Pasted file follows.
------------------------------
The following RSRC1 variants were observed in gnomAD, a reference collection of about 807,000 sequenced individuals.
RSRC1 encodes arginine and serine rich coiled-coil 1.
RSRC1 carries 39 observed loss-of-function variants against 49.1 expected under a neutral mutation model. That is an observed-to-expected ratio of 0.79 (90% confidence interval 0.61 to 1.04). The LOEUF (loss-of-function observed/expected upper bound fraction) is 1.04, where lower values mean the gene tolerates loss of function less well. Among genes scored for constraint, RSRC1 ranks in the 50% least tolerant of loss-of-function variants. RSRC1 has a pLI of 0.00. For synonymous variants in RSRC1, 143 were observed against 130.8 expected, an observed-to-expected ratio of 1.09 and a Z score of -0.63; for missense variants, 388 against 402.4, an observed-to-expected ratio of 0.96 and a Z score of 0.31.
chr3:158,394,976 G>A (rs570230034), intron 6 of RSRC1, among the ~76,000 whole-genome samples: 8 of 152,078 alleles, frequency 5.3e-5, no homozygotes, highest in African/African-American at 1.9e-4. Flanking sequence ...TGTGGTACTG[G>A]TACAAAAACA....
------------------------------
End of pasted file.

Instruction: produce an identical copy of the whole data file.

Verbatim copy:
The following RSRC1 variants were observed in gnomAD, a reference collection of about 807,000 sequenced individuals.
RSRC1 encodes arginine and serine rich coiled-coil 1.
RSRC1 carries 39 observed loss-of-function variants against 49.1 expected under a neutral mutation model. That is an observed-to-expected ratio of 0.79 (90% confidence interval 0.61 to 1.04). The LOEUF (loss-of-function observed/expected upper bound fraction) is 1.04, where lower values mean the gene tolerates loss of function less well. Among genes scored for constraint, RSRC1 ranks in the 50% least tolerant of loss-of-function variants. RSRC1 has a pLI of 0.00. For synonymous variants in RSRC1, 143 were observed against 130.8 expected, an observed-to-expected ratio of 1.09 and a Z score of -0.63; for missense variants, 388 against 402.4, an observed-to-expected ratio of 0.96 and a Z score of 0.31.
chr3:158,394,976 G>A (rs570230034), intron 6 of RSRC1, among the ~76,000 whole-genome samples: 8 of 152,078 alleles, frequency 5.3e-5, no homozygotes, highest in African/African-American at 1.9e-4. Flanking sequence ...TGTGGTACTG[G>A]TACAAAAACA....